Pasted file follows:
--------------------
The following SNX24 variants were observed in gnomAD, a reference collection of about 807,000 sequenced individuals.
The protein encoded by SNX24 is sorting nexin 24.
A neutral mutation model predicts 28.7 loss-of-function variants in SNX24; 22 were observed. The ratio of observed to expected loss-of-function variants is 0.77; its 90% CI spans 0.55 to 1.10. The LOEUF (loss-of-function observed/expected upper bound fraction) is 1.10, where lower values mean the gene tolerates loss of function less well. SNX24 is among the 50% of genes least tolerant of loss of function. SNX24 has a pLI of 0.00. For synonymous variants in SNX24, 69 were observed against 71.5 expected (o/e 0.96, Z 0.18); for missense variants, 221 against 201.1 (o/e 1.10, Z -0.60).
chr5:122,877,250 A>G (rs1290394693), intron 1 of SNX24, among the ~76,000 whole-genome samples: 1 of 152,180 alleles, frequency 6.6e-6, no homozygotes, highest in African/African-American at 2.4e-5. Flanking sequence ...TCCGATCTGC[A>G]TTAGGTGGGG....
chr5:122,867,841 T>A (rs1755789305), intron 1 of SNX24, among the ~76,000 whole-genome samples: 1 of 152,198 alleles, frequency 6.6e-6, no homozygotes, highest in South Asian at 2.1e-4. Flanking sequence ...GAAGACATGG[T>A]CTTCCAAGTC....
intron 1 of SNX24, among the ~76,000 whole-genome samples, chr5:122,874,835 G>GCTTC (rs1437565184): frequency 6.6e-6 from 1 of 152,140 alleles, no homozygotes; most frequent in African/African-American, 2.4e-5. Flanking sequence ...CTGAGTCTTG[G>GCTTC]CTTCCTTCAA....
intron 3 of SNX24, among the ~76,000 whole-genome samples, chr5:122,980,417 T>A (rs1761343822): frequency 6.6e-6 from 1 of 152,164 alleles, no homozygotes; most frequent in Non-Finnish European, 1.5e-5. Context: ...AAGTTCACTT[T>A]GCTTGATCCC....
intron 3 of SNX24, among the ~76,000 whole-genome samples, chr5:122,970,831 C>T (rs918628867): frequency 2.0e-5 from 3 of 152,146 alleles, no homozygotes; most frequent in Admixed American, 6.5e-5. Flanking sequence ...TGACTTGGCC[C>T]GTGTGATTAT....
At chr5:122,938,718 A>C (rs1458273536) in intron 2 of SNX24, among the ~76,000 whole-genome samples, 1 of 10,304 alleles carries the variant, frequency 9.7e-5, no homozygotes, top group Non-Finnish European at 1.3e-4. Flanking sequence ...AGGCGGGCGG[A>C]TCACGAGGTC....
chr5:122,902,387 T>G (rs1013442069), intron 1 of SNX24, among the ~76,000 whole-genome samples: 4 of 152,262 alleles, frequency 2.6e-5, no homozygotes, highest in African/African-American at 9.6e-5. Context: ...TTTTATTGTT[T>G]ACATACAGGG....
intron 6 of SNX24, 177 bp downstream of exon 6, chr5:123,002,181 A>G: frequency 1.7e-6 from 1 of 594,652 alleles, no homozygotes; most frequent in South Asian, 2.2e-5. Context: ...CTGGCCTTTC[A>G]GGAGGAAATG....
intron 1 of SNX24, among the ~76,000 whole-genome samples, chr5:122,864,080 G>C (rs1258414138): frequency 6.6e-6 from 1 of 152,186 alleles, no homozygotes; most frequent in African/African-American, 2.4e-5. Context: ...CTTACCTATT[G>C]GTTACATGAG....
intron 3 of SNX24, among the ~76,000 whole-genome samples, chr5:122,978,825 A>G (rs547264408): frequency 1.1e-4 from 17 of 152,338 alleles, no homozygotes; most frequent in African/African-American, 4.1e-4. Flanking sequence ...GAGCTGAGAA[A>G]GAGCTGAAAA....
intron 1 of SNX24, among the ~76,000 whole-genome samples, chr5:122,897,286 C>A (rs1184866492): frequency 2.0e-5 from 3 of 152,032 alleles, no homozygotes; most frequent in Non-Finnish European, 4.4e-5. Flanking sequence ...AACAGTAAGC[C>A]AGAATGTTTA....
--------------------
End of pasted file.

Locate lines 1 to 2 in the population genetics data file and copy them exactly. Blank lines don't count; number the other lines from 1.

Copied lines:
The following SNX24 variants were observed in gnomAD, a reference collection of about 807,000 sequenced individuals.
The protein encoded by SNX24 is sorting nexin 24.